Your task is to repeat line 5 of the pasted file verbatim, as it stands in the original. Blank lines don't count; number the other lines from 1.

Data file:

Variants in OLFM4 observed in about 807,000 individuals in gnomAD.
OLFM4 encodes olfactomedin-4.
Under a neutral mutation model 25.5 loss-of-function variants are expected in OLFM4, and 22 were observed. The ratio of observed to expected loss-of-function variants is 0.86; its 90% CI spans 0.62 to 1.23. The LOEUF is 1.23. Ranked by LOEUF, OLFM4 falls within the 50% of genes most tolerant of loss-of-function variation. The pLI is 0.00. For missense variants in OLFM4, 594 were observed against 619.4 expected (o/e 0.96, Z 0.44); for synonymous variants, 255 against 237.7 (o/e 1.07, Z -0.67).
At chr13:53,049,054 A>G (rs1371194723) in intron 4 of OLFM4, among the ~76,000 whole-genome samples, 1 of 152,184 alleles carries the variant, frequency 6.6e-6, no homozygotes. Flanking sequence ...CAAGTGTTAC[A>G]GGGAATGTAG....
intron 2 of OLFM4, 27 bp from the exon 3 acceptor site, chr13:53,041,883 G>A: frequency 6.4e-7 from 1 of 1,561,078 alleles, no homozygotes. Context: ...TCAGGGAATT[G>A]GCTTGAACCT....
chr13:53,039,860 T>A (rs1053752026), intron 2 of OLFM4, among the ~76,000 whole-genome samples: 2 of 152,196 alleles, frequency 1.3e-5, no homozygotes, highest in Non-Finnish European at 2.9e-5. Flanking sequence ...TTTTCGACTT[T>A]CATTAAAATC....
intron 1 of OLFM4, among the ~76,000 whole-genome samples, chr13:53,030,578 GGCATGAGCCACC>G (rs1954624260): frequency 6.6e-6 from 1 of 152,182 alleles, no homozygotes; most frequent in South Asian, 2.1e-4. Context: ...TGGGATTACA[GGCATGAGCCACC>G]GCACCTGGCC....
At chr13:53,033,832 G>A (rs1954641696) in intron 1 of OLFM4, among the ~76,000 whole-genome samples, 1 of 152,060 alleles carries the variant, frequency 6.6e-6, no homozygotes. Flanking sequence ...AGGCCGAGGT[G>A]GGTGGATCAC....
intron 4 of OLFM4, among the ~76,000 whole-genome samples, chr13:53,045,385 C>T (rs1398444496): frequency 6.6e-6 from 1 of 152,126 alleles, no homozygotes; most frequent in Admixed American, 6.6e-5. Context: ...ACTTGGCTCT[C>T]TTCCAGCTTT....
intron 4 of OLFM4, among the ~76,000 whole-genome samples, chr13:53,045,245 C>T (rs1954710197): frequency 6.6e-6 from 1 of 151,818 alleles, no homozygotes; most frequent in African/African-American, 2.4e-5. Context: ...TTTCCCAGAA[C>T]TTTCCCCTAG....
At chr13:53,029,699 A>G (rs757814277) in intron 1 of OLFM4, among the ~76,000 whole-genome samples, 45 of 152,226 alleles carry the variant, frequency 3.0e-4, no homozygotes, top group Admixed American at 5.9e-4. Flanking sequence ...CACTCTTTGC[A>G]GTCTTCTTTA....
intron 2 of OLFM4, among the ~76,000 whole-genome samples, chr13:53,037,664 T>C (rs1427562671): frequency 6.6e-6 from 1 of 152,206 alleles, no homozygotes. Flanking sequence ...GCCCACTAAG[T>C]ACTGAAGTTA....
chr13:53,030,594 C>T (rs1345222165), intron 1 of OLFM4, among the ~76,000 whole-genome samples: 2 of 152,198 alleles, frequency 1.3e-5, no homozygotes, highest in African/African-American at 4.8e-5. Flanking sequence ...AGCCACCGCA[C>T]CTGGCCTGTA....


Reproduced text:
intron 2 of OLFM4, 27 bp from the exon 3 acceptor site, chr13:53,041,883 G>A: frequency 6.4e-7 from 1 of 1,561,078 alleles, no homozygotes. Context: ...TCAGGGAATT[G>A]GCTTGAACCT....